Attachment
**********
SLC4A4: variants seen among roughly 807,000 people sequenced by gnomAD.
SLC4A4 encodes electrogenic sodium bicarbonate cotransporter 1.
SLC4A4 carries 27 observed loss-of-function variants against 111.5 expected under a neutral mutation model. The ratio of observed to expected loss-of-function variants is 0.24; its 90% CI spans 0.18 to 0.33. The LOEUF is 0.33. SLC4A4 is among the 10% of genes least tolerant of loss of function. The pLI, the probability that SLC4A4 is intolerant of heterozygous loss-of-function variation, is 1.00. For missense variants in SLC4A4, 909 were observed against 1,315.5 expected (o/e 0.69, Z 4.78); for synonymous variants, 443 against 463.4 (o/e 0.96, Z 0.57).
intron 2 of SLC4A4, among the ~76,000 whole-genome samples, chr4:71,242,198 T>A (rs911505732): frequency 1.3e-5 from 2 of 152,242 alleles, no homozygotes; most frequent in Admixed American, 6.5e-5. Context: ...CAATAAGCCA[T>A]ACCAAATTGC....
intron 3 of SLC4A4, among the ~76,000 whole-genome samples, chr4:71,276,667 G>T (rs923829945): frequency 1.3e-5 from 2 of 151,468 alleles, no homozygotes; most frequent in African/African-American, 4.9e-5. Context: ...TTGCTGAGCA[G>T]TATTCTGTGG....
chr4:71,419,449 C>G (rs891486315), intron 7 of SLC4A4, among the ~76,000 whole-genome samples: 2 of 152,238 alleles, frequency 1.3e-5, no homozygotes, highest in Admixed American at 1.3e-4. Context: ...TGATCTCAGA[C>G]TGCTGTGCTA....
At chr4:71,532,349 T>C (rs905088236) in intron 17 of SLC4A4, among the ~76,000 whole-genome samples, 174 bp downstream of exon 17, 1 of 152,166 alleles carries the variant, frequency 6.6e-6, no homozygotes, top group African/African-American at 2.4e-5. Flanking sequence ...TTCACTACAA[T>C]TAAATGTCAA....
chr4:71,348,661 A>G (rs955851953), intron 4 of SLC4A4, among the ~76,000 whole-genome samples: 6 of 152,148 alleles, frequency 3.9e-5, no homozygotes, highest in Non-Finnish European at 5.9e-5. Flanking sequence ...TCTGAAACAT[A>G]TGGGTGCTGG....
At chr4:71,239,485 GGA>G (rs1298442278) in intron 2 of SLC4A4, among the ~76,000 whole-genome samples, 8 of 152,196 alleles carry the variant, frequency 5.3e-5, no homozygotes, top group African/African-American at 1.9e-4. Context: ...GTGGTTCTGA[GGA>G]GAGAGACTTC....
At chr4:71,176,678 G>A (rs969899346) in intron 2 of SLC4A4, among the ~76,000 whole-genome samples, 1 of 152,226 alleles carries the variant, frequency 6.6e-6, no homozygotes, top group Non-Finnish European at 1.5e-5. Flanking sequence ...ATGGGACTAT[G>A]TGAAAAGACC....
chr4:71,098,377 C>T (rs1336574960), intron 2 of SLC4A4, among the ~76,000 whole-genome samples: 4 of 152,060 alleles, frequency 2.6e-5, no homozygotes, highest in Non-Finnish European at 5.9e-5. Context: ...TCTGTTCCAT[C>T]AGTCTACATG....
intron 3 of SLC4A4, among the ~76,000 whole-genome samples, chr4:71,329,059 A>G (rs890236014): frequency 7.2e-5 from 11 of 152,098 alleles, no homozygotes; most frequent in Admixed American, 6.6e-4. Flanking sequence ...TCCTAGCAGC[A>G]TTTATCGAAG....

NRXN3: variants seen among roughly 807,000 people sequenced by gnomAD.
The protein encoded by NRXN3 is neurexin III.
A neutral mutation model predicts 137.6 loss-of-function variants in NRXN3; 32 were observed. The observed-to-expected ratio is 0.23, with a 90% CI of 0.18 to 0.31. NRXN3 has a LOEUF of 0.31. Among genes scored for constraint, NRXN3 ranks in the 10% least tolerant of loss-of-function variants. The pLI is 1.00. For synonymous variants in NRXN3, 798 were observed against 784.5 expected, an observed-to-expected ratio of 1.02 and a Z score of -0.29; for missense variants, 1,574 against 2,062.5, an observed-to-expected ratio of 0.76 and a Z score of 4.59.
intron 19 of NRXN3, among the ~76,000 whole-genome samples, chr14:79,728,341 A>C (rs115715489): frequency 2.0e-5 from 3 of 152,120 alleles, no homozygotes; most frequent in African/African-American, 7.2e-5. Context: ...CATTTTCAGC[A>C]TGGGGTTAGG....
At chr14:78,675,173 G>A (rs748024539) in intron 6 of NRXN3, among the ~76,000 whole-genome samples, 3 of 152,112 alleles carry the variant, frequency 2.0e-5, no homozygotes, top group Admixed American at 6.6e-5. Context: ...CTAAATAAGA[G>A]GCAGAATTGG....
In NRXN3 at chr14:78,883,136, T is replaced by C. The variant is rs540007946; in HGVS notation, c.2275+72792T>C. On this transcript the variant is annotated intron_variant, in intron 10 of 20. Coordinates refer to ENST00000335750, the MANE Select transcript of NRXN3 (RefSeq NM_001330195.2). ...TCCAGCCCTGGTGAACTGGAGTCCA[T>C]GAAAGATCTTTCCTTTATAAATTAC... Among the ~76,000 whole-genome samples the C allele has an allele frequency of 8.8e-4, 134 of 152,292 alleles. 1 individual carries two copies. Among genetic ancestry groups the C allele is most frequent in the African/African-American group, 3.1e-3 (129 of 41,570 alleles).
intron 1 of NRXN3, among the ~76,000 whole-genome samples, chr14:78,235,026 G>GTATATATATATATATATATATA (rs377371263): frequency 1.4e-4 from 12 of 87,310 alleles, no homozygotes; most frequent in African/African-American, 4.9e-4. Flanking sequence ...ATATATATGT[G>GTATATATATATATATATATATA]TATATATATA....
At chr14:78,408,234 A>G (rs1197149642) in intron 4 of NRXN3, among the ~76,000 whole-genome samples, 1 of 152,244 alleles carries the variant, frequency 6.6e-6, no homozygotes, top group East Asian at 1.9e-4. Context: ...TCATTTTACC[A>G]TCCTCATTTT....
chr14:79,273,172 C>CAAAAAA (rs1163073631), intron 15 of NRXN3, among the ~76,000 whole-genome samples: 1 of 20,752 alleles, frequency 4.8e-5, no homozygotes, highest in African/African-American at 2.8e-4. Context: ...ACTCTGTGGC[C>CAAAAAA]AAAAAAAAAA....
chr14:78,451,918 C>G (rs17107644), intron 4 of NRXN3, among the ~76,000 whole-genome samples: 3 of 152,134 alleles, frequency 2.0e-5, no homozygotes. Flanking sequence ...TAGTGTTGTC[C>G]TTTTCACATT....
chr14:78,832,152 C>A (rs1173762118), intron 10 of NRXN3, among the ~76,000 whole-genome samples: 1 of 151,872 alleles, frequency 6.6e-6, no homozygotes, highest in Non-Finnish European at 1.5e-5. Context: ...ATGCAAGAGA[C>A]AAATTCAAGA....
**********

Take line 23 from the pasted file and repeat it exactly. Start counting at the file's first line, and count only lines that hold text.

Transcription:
chr14:78,832,152 C>A (rs1173762118), intron 10 of NRXN3, among the ~76,000 whole-genome samples: 1 of 151,872 alleles, frequency 6.6e-6, no homozygotes, highest in Non-Finnish European at 1.5e-5. Context: ...ATGCAAGAGA[C>A]AAATTCAAGA....